It’s time once again to play that game of configurator-fueled wishful thinking that all enthusiasts like to play, this time with BMW. This week, I spec out an M3. Love or hate that big ol’ schnoz, the M3 is still a serious driver’s car, always has been. In recent years, the Bavarian sports sedan has become the pinnacle of fast daily drivers, and this one is no exception to that trend. A quick disclaimer: these are all my own personal tastes and opinions, so feel free to spec your M3 as different from mine as you like.
BMW M3: exterior and wheels
In keeping with that daily driver theme, I opted for the non-Competition M3 for two reasons: the manual is only available on non-Comp cars, and price. I built my M3 on the assumption it would be my only fake car in my fake one-car garage. As it should be, with a monthly payment of nearly $1500 and an as-built price of $91,694 with destination charge. I also included BMW Ultimate care for almost seven large to keep my fake M3 on the road.
Now for the paint. I chose Isle of Man Green, a $550 extra. It helps hide the big grille a little better, and the same goes for other dark colors like grey and black. Moreover, who doesn’t love a little racing green in their life? The wheels were an unfortunate after effect of the carbon brake package, which runs a cool $8,000. Personally, I’m selling those and buying a nice set of gold wheels to match the gold calipers. Can’t be too subtle.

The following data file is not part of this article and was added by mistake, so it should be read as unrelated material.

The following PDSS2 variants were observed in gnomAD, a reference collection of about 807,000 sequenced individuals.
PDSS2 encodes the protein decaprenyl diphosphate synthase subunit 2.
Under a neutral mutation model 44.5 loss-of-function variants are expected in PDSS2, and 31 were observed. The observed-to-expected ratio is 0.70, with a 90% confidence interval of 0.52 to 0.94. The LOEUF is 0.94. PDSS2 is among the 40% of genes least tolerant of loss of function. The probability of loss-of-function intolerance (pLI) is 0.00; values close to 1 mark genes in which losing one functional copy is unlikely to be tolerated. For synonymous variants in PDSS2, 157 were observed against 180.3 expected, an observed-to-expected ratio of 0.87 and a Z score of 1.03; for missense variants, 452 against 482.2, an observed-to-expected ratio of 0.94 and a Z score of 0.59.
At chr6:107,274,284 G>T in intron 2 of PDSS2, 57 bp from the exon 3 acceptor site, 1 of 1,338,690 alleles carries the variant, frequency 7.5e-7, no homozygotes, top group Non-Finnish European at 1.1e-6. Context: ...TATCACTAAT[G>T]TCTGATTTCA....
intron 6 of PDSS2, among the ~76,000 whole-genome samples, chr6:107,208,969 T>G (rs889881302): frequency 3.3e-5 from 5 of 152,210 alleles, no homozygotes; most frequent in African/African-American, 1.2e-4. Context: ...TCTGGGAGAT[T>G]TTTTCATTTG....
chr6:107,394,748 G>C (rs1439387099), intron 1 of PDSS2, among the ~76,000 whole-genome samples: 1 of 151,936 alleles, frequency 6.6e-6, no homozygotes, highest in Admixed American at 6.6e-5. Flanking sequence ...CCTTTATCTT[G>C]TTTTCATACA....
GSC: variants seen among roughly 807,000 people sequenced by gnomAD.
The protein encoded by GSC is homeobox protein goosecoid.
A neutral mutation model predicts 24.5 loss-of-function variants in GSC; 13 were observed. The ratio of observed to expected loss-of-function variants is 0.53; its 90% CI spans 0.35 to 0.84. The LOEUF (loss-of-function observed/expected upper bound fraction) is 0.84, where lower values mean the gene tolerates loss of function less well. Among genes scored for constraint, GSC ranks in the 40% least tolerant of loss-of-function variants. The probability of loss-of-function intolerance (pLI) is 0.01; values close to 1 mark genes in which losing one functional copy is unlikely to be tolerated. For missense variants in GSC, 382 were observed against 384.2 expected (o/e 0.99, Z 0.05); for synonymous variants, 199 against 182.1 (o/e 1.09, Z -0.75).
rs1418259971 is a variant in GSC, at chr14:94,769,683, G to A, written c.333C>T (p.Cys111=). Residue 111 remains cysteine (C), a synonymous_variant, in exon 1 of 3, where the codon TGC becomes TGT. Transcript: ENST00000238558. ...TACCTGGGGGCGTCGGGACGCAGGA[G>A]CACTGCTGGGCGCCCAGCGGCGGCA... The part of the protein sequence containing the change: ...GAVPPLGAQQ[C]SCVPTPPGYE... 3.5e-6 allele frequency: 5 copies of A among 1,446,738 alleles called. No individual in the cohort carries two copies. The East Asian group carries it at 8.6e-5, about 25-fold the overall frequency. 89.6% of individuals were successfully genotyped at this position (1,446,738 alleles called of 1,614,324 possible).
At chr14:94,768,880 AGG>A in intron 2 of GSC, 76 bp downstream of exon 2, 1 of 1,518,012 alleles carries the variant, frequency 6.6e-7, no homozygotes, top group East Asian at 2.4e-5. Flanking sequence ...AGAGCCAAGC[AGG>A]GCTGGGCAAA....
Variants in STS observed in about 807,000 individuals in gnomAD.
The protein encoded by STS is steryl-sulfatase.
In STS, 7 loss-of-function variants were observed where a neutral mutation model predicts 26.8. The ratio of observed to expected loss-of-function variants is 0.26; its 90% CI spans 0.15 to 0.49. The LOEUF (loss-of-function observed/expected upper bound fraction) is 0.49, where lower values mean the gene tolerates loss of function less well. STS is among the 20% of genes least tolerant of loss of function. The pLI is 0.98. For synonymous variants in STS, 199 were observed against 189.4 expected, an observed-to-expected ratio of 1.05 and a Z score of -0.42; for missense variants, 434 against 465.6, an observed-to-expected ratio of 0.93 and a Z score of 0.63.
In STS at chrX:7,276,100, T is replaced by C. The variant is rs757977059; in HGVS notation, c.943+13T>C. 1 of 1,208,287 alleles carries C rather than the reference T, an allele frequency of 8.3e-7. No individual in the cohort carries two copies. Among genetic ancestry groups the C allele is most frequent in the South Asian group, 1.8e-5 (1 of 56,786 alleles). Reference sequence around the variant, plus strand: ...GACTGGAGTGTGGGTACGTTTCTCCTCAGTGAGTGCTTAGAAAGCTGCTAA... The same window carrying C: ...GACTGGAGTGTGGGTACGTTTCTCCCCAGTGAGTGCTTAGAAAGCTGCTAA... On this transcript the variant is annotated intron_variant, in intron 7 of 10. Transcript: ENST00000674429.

M3 interior and options
A word of caution on the interior of the M3. If you’re a fan of the Kyalami Orange leather seats as I am, they do look far more orange in person depending on who you ask. Personally, I think they look great, but I skipped the optional leather surfaces to keep my budget under $95,000. I did however pick up the ventilated seats. They’re the kind of thing you can’t let go of once you’ve had them.
I also skipped the $3,800 carbon bucket seats. They have a little lump in the middle for aesthetics that seems painful to clamber over every day, as Mr. Farah of The Smoking Tire points out. What I didn’t skip was the free upgrade to a moonroof. What’s the point of that rowdy motor if you can’t hear the exhaust on a sunny day, windows down? Finally, I opted for BMW’s $2,800 “Executive Package” which nets you a host of luxury features like a heated wheel, HUD, and adaptive LED eyes for your M3.
My BMW M3: tasteful or rubbish?
All in all, I ended up with around $20,700 in options alone. Not cheap, but other bits and bobs such as carbon trim and more leather can easily bring an M3 right up past the $100,000 mark. That’s Porsche territory and dangerous waters for an M3. Despite its controversial looks, the M3 is a solid driver’s car and a great daily with speed to rival far more expensive cars. You can try out BMW’s configurator here, should you wish.